Craft Artificing

This system came about as a result of my wish to apply the variant crafting system to magic items. I thought the idea of automatically making magic items with no chance of failure was just silly, and the XP cost for making items even worse. So, I set about coming up with a workable system. The first iteration was a bit poorly done – it was a bare-bones system that provided little more than a framework.

I went back to it some time later and greatly expanded on things, and along the way I realized that I needed some way to account for the "epic multiplier" applied to weapons, armor, and other items with a bonus above that allowed by non-epic items. So, I had to set this aside for a few days while I hashed what would become the epic pricing system, aka the graded progression. This eliminated a lot of problems and enabled me to make a consolidated chart for everything. The problem (and this is only a slight one) is that this system can't be used with the straight x10 multiplier – the price contradictions inherent in crafting a +7 market value sword vs. a +7 enhancement bonus sword, for example, create too many difficulties.

  Because this is a skill-based system, some changes must be made to existing rules. I highly recommend NOT implementing this system in the middle of an existing campaign, but if you really want to, read the following:

  As Craft is a class skill for all classes, anyone can take ranks in it. Unless they have spellcaster levels, however, they can't create items on their own, but they can aid a spellcaster in making an item - especially those that require a certain number of ranks, a feat, or levels in a class or prestige class - and they can still repair items.

  Anyone who has taken the item creation feats might wonder, "What was the point? Now I have useless feats!" In order to compensate these players, they can either a) choose new feats; or b) exchange the feats for the Master Crafter feat, as it represents a specialized focus in creating items, similar to Skill Focus. Craft Epic [magic item] feats can likewise be exchanged for new (and more useful, IMO) feats.

I've also provided the methods used to determine the base DCs and crafting times, in case anyone wants to tinker with the system.

Craft DC

Add the minimum and maximum prices for the range and divide by 5 (round down), then add it to 15.

For example: Medium rods run from 3,000 gp to 19,000 gp. Add those and divide by 5,000, and you get 4.4 (rounded down to 4). 4 +15 = DC 19.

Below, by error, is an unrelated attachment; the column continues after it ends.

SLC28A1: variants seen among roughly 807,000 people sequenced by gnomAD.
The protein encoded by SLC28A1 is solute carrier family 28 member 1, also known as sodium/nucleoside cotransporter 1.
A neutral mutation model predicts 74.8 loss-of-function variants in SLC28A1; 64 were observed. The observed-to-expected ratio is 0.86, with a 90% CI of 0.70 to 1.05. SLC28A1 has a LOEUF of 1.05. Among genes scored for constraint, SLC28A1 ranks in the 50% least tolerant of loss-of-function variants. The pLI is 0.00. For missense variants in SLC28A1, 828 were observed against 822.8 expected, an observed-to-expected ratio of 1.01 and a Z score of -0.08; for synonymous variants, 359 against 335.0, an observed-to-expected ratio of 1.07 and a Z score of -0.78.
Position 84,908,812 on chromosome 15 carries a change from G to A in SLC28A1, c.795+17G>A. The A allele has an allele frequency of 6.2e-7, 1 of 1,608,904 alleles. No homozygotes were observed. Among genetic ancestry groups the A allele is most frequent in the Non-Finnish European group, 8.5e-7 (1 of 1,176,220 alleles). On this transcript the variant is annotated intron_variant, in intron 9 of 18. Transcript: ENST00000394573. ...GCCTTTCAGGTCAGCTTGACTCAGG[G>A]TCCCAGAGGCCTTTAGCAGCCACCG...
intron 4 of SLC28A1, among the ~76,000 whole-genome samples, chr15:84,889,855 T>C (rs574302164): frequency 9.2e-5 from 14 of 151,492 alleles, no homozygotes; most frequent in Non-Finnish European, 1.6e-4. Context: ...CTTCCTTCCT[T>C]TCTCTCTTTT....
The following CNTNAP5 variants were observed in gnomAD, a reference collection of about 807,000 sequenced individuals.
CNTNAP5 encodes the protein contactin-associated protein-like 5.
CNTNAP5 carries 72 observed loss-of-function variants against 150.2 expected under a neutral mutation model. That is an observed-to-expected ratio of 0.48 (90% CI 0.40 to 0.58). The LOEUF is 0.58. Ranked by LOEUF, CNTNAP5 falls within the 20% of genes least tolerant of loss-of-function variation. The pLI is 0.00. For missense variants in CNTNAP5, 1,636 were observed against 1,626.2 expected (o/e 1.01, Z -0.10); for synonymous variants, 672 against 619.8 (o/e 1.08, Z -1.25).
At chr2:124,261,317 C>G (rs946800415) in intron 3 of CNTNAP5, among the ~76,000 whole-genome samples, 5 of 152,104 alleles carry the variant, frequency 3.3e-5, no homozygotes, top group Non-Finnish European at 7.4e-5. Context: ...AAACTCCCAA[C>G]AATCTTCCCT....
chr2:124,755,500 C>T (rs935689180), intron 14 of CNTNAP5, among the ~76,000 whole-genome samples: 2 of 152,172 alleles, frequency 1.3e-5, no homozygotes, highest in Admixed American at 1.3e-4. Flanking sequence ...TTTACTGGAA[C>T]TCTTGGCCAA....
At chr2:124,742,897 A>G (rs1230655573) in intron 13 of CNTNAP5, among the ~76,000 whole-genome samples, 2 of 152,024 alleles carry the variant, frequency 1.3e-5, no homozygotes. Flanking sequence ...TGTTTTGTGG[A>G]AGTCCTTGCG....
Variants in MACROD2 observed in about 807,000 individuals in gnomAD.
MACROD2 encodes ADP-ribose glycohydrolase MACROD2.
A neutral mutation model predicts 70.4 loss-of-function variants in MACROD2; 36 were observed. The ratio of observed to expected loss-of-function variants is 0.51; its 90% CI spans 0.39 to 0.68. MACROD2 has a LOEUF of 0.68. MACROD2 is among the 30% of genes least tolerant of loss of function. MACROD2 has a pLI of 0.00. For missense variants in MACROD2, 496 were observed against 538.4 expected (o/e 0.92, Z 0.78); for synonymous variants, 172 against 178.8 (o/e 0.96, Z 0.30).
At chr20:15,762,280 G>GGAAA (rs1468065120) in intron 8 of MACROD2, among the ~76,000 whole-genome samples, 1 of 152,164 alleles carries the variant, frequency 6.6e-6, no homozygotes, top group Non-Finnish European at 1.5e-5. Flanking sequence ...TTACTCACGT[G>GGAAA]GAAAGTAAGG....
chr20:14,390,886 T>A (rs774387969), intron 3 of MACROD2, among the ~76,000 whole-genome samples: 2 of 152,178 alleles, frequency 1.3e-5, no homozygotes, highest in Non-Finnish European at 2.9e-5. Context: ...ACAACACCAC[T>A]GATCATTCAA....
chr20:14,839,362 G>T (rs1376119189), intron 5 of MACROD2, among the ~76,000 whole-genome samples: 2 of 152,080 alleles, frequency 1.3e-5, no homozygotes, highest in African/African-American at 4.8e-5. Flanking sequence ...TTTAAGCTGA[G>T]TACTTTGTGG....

The same principle applies to armor and weapons – add the prices for a given range and divide by 5,000.

For example: Armor (+3 to +4): 25,000 gp total, divided by 5,000 is 5; 5 +15 = DC 20.

For skill bonus items, divide the individual item's price by 2,500. This was done because skill bonus items always go by 5's, which means they scale more slowly, and the lower price required a lower divisor (2,500 instead of 5,000).

For example: +10 skill bonus item: 10,000 gp, divided by 2,500 = 4. 4+15 = 19.

For items that apply the graded multiplier, take the multiplier for the higher of the two items and multiply that by 5,000, then divide the gp total by that number and add to 15.

For example: Armor (+7 to +8) is 73,500 + 128,000 = 201,500. Since +7 has a x1.5 multipler, and x8 is x2, you would divide the total by 10,000. 201,500 divded by 10,000 is 20 (rounded down); 20 + 15 = DC 35.[[/div]]

Crafting Time

For crafting time, add the minimum and maximum prices for the range and divide by 3,000 (round down).

For example: Medium rods (again) have a range of 3,000 to 19,000. 22,000 divded by 3,000 is 7 days.

For skill bonus items, take the individual item and divide its price by 2,500 times the multiplier. For example, a +25 skill bonus item has a x1.5 multipler, so you'd divide by 3,750.

For any other item that provides a numerical bonus (weapons, armor, rings of protection, amulets of natural armor, etc.), divide by 5,000. If the item has an epic multiplier, take the multiplier of the lower of the two items and multiply that by 5,000 (round up).

For example: Armor (+7 to +8) is 73,500 + 128,000 = 201,500. Since +7 has a x1.5 multipler, and x8 is x2, you would divide the total by 7,500. 201,500 divded by 7,500 is 26.86 (rounded up to 29).[[/div]]

For high-end items (any item between 65K and 200K gp), divide by 6,000.

For any item with a market value over 200K, divide by 10,000. The base time for such items is 10 more than the highest time for high-end items (90 days), to keep them from being easier to make than other items.

If the combined price (for items that use the graded multiplier) is over 1 million, divide by 10,000 gp instead.

For example: Armor (+11 to +12): +11 is 605,000 gp, and +12 is 864,000 gp, for a total of 1,469,000 gp. Since this is over 1 million, you divide by 10,000: 146.9 (I'd round up in this case, since it's so close to 147).

The reasoning behind this is that since you're adding another zero at the end of the combined price, you have to double the divisor (5,000) in order to keep the times following the progression properly – otherwise they scale out of control.

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